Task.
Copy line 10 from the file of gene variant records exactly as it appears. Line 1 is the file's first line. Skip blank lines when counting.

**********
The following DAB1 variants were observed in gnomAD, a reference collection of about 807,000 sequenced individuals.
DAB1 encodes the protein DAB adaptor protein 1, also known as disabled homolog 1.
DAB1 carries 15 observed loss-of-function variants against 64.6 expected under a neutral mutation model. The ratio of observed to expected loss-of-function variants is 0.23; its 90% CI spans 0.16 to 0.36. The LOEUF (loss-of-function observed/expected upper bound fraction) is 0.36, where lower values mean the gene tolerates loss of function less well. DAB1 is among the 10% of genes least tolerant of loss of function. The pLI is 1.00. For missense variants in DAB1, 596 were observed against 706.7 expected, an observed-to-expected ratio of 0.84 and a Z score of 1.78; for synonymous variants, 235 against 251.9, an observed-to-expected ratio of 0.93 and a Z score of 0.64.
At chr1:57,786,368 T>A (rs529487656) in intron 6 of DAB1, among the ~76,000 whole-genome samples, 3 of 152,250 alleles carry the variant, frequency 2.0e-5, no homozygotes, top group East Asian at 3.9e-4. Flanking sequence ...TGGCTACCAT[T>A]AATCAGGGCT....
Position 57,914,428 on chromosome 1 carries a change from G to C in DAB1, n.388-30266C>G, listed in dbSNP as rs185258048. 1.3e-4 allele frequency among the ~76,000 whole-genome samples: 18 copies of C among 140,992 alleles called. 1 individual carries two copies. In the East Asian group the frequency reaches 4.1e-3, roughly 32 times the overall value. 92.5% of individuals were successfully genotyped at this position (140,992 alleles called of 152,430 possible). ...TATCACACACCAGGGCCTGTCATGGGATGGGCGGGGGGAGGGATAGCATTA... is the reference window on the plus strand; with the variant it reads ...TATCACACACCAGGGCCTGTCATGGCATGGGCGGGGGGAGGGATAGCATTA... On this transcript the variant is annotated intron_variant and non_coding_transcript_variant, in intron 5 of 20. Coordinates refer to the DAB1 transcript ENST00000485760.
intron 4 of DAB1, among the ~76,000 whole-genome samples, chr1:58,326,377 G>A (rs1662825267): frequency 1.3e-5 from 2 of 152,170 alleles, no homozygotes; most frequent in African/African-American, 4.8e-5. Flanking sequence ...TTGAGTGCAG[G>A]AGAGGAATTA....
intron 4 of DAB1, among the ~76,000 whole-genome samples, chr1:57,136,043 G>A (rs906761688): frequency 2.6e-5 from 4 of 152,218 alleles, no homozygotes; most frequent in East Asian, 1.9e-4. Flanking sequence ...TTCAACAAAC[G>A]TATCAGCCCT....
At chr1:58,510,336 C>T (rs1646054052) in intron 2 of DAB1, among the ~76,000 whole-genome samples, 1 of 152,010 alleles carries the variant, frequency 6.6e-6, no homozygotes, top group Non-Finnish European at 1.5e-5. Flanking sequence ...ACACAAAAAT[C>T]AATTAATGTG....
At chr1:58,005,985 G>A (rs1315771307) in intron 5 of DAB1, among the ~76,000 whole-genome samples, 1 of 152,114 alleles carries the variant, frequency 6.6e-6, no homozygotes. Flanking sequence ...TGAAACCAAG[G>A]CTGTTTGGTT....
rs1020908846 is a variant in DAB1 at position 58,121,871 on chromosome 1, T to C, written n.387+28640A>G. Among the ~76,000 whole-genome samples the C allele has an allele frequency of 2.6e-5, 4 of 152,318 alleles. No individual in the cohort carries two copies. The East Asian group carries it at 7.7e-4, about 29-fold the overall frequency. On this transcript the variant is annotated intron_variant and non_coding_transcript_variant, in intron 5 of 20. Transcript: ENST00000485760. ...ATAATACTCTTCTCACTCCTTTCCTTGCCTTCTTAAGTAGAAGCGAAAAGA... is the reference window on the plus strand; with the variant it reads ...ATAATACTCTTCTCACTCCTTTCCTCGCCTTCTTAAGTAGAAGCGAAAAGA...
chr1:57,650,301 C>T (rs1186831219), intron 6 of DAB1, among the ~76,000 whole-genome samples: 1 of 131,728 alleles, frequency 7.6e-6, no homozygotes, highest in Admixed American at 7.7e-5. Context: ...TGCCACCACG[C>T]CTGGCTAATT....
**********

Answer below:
rs1020908846 is a variant in DAB1 at position 58,121,871 on chromosome 1, T to C, written n.387+28640A>G. Among the ~76,000 whole-genome samples the C allele has an allele frequency of 2.6e-5, 4 of 152,318 alleles. No individual in the cohort carries two copies. The East Asian group carries it at 7.7e-4, about 29-fold the overall frequency. On this transcript the variant is annotated intron_variant and non_coding_transcript_variant, in intron 5 of 20. Transcript: ENST00000485760. ...ATAATACTCTTCTCACTCCTTTCCTTGCCTTCTTAAGTAGAAGCGAAAAGA... is the reference window on the plus strand; with the variant it reads ...ATAATACTCTTCTCACTCCTTTCCTCGCCTTCTTAAGTAGAAGCGAAAAGA...